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Drive Your Plow Over the Bones of the Dead
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September 2019: Cultural > Drive Your Plow Over the Bones of the Dead by Olga Tokarczuk - 3 stars

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Joy D | 3090 comments Drive Your Plow Over the Bones of the Dead by Olga Tokarczuk - 3 stars

PBT Comments: This book falls under the "Cultural" tag as representative of life in a rural village in Poland. I think it's more like 3.5 stars, but I couldn't quite bring myself to round up.

This book is an atypical mystery where the focus is not so much on a string of disappearances and deaths as on the state of mind of the first-person narrator, Mrs. Duszejko (Mrs. D), a sixty-something woman who lives in a rural Polish village and attempts to “assist” the investigators. It starts with a neighbor’s death from choking but promptly moves into a close examination of Mrs. D’s inner world. She is a former engineer, currently working as a teacher of English and assisting a former student in translating William Blake’s poetry into Polish. There are numerous references to Blake throughout the novel, and his verse opens each chapter.

Mrs. D’s eccentricities include:
• Preference for animals over humans
• Belief that certain laws are immoral
• Passion for astrology, how planets and star-signs rule a person’s fate
• Strong aversion to hunting and what she sees as religious hypocrisy
• Viewing the neighboring Czech Republic as a utopia of sorts

Readers will be able to tell that Mrs. D has issues, and these play a role in the plot. For the most part, her Ailments (as she calls them) are not spelled out but left up to the reader to decipher. This book poses philosophical questions that provide food-for-thought about the relationship between humans and animals. It explores the nature of the limits we place upon each other, and especially upon aging women.

I have mixed feelings about this book. On the one hand, I found it engrossing and was curious to see where it was headed. I tend to enjoy eccentric characters, and Mrs. D is quite a colorful individual. I liked her group of unusual friends, a group of fellow eccentrics, and could picture them sitting around a kitchen table, sipping cups of black tea, and discussing the goings on of the community. I enjoyed the descriptions of the Polish countryside in winter and what it is like to live in such harsh conditions. I learned several interesting facts about nature. I particularly liked the author’s expressive writing style (with credit to the translator, as I read the English translation from the original Polish). For example:
“We left the house and were instantly engulfed by the familiar cold, wet air that reminds us every winter that the world was not created for Mankind, and for at least half the year it shows us how very hostile it is to us. The frost brutally assailed our cheeks, and clouds of white steam came streaming from our mouths. The porch light went out automatically and we walked across the crunching snow in total darkness, except for Oddball’s headlamp, which pierced the pitch dark in one shifting spot, just in front of him, as I tripped along in the Murk behind him.”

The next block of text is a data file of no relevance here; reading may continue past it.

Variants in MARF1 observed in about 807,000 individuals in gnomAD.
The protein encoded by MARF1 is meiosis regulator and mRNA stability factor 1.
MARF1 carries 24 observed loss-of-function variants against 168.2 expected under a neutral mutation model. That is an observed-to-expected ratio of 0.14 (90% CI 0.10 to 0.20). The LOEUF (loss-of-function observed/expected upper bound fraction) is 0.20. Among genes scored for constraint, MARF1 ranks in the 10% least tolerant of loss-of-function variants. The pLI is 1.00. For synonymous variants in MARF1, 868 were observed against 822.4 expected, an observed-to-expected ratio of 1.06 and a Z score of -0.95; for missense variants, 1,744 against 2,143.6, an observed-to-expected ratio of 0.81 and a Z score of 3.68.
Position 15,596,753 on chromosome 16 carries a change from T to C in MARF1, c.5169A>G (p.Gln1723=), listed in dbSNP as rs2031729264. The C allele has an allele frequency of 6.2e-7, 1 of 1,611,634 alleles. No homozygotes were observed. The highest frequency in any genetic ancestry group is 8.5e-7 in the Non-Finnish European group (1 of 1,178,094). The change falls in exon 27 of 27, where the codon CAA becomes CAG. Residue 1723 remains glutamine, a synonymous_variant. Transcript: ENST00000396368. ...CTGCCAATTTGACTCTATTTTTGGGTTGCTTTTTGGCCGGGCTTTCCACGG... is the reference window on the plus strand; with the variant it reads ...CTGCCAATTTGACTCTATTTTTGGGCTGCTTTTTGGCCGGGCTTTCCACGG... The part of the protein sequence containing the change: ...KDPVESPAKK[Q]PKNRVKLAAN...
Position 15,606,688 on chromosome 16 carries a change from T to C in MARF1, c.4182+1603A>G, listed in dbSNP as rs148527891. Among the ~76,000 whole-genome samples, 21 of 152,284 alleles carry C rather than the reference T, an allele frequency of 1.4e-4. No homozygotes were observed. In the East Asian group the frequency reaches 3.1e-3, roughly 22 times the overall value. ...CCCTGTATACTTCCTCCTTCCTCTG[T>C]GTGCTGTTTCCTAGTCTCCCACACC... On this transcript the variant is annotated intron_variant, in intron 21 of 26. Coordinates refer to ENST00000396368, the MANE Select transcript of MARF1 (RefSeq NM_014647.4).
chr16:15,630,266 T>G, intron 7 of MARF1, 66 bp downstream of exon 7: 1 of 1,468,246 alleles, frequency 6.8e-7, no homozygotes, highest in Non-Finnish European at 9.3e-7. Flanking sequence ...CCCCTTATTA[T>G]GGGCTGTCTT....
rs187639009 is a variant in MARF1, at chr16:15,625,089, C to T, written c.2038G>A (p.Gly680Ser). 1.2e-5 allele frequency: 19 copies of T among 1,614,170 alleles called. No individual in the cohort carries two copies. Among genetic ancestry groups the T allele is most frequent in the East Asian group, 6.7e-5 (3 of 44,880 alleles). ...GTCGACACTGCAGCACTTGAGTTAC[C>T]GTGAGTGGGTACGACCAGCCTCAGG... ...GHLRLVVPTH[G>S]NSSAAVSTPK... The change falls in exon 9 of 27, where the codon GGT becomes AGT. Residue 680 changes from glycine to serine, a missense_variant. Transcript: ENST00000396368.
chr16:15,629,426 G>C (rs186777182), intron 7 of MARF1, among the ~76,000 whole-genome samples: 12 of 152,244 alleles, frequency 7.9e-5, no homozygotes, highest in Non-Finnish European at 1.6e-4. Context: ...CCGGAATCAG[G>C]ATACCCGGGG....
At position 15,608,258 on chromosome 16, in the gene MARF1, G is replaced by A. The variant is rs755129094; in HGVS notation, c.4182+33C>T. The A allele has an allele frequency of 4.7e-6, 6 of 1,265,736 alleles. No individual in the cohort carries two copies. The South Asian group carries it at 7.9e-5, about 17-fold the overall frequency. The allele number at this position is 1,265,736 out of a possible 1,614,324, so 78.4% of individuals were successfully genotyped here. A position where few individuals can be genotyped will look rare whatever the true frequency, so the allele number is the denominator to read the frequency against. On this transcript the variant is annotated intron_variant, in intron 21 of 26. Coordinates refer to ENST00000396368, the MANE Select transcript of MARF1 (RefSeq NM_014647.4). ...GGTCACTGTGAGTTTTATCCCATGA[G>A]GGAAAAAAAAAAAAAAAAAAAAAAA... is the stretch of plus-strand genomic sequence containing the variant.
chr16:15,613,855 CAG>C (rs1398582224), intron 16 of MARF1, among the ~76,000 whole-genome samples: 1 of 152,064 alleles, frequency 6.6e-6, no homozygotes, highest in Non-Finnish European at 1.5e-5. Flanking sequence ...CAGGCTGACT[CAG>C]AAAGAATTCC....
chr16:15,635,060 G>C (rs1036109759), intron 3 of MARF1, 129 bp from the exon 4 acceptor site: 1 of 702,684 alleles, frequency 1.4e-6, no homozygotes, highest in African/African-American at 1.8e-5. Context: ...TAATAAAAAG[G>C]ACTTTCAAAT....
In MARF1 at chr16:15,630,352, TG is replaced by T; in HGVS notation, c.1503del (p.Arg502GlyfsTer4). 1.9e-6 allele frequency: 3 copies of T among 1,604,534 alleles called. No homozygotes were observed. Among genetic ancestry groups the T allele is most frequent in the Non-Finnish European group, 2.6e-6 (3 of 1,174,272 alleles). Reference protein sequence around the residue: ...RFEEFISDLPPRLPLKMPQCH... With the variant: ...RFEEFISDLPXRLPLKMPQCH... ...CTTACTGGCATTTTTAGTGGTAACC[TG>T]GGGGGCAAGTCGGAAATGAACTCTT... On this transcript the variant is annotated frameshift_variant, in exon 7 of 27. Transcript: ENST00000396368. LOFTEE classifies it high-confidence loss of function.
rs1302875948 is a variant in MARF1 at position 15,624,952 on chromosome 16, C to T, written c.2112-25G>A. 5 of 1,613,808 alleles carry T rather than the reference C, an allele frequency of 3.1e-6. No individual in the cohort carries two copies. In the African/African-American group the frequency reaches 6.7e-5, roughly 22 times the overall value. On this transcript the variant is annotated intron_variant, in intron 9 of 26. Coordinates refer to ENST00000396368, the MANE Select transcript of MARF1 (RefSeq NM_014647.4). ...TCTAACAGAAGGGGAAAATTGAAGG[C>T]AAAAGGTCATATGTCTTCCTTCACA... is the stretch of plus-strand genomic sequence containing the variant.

On the other hand, if the author was going for social commentary, I do not think she succeeds, as some of her key points are contradicted through the characters’ actions. The logical result of these actions would be the opposite of what I believe is the intended message. It is hard to spell this out without spoilers. The subtle humor was a bit too dark for my personal taste and it contains rather gory and disturbing descriptions of deaths of people and animals. I am not sorry to have read it but felt a bit of a letdown at the end. If anyone is looking for a “literary mystery,” this book would be a good fit.

Link to My GR Review


Booknblues | 5358 comments That is a great review.

I like eccentric, but it went over the top at some point. It could have used some editing.

(view spoiler)


Joy D | 3090 comments Booknblues wrote: "That is a great review.

I like eccentric, but it went over the top at some point. It could have used some editing."


Thanks, Booknblues! I like eccentric too, and agree that it went over the top.


Booknblues | 5358 comments There was a point I was enjoying it and I was entertained by her eccentricities, but then the next moment it was, "Are we back to this again, just how much can I read about this?"


message 5: by Joanne (new)

Joanne (joabroda1) | 7125 comments I just started this last night-have not read anyone's reviews here as I don't want to be influenced, but I am leaning towards what Booknblues just said-


message 6: by Joy D (last edited Sep 08, 2019 07:53PM) (new) - rated it 3 stars

Joy D | 3090 comments I know what you mean. It got a bit repetitive after a while, especially the letters. I enjoyed the first half more than the second. I also should mention for mystery readers, there's not a lot going on for a good part of the book.


message 7: by Idit (new)

Idit | 1028 comments I actually found a copy of this book at work and it’s been sitting on my desk. Will get to it one day. Sounds like something worth giving a go to


Joy D | 3090 comments Idit wrote: "I actually found a copy of this book at work and it’s been sitting on my desk. Will get to it one day. Sounds like something worth giving a go to"
I definitely found it worthwhile and plan to read another of her books (Flights) at some point.


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